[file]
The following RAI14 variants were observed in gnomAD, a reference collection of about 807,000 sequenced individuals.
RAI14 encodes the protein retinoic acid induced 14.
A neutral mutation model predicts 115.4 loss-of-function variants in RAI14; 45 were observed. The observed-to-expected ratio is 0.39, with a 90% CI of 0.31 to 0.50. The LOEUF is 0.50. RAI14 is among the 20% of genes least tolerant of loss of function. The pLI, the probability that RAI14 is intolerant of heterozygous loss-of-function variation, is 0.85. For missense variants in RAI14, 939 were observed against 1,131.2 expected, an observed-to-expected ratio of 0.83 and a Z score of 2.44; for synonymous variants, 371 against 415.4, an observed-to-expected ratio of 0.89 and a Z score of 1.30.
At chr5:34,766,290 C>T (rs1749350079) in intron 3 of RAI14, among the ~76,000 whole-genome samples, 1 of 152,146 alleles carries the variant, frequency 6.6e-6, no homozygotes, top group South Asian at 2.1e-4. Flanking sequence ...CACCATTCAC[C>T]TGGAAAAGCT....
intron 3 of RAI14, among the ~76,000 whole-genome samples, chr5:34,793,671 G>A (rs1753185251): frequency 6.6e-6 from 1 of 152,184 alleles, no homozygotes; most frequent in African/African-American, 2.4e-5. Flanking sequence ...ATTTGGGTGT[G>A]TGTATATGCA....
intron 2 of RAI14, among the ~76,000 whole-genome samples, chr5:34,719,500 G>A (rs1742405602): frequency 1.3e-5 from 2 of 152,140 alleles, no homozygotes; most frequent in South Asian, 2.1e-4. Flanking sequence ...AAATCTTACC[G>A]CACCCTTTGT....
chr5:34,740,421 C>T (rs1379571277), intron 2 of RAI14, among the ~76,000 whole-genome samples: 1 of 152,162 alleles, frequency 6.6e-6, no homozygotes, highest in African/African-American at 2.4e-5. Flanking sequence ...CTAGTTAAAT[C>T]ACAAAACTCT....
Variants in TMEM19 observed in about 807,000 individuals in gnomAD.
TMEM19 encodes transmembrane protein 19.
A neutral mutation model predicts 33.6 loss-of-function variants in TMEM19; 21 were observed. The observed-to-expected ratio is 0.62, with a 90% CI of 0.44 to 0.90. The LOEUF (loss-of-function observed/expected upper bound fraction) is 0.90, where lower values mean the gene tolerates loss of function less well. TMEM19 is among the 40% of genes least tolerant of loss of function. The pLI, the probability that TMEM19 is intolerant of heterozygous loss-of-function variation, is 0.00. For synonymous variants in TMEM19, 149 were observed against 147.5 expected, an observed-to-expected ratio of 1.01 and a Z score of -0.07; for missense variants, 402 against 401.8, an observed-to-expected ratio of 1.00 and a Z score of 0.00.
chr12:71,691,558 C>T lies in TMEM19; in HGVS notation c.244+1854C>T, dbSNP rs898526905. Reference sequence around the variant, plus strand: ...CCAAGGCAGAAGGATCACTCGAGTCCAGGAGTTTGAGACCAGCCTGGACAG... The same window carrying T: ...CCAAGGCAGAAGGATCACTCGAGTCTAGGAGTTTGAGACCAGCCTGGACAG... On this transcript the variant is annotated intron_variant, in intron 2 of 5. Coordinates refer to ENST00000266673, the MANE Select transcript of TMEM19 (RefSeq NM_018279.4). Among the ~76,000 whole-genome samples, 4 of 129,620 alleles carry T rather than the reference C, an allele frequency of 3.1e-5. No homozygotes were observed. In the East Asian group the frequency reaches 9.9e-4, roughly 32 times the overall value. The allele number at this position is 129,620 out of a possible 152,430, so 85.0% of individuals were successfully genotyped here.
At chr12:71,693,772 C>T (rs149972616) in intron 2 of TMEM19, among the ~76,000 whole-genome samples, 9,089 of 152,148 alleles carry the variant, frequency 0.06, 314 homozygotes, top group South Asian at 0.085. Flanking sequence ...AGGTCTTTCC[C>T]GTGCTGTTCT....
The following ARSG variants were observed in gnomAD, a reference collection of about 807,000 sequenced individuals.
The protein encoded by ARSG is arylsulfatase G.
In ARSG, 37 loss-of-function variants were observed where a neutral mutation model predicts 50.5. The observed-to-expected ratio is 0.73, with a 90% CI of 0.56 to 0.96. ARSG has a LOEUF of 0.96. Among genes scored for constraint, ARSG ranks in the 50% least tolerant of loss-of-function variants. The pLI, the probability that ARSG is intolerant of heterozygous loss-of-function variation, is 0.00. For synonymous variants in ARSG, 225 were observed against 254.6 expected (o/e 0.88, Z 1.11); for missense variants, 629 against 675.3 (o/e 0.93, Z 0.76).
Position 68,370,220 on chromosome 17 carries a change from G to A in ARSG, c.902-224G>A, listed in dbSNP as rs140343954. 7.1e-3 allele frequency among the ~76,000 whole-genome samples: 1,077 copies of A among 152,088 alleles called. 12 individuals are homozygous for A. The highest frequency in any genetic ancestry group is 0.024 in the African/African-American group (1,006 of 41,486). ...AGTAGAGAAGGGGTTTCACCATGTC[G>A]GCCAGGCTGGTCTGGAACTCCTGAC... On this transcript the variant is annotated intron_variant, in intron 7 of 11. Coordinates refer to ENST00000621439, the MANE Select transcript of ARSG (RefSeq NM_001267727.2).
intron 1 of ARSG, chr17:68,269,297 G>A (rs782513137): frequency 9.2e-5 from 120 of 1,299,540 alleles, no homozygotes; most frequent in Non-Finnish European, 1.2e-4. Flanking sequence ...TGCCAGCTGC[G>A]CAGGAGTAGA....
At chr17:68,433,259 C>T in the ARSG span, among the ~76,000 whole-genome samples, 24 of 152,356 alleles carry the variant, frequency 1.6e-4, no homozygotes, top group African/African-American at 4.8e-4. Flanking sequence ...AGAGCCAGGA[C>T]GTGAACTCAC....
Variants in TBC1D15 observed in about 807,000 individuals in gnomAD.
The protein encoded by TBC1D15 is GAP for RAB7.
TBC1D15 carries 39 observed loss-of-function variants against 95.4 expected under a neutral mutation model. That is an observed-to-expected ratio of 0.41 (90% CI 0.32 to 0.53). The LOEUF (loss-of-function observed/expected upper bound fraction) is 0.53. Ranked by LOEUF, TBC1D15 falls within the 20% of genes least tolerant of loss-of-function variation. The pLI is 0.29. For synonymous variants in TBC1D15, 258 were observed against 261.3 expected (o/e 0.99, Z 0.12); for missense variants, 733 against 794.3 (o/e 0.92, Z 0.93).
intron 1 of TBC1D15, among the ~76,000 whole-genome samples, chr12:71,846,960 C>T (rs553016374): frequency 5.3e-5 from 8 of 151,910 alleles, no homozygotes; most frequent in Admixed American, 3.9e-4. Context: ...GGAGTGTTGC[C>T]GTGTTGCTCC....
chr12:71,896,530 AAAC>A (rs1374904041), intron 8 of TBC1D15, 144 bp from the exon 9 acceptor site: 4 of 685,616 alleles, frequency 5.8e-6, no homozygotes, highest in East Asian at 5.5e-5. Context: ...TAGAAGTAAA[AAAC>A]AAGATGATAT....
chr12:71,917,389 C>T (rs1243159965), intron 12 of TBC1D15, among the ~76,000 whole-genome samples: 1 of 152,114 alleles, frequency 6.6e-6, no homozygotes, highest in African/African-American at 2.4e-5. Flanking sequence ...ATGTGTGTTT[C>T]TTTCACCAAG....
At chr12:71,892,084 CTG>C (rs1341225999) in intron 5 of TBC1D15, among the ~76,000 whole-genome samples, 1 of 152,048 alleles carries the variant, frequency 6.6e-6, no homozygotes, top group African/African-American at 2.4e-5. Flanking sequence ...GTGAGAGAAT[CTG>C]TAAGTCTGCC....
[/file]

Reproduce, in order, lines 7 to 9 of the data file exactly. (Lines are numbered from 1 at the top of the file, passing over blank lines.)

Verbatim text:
chr5:34,740,421 C>T (rs1379571277), intron 2 of RAI14, among the ~76,000 whole-genome samples: 1 of 152,162 alleles, frequency 6.6e-6, no homozygotes, highest in African/African-American at 2.4e-5. Flanking sequence ...CTAGTTAAAT[C>T]ACAAAACTCT....
Variants in TMEM19 observed in about 807,000 individuals in gnomAD.
TMEM19 encodes transmembrane protein 19.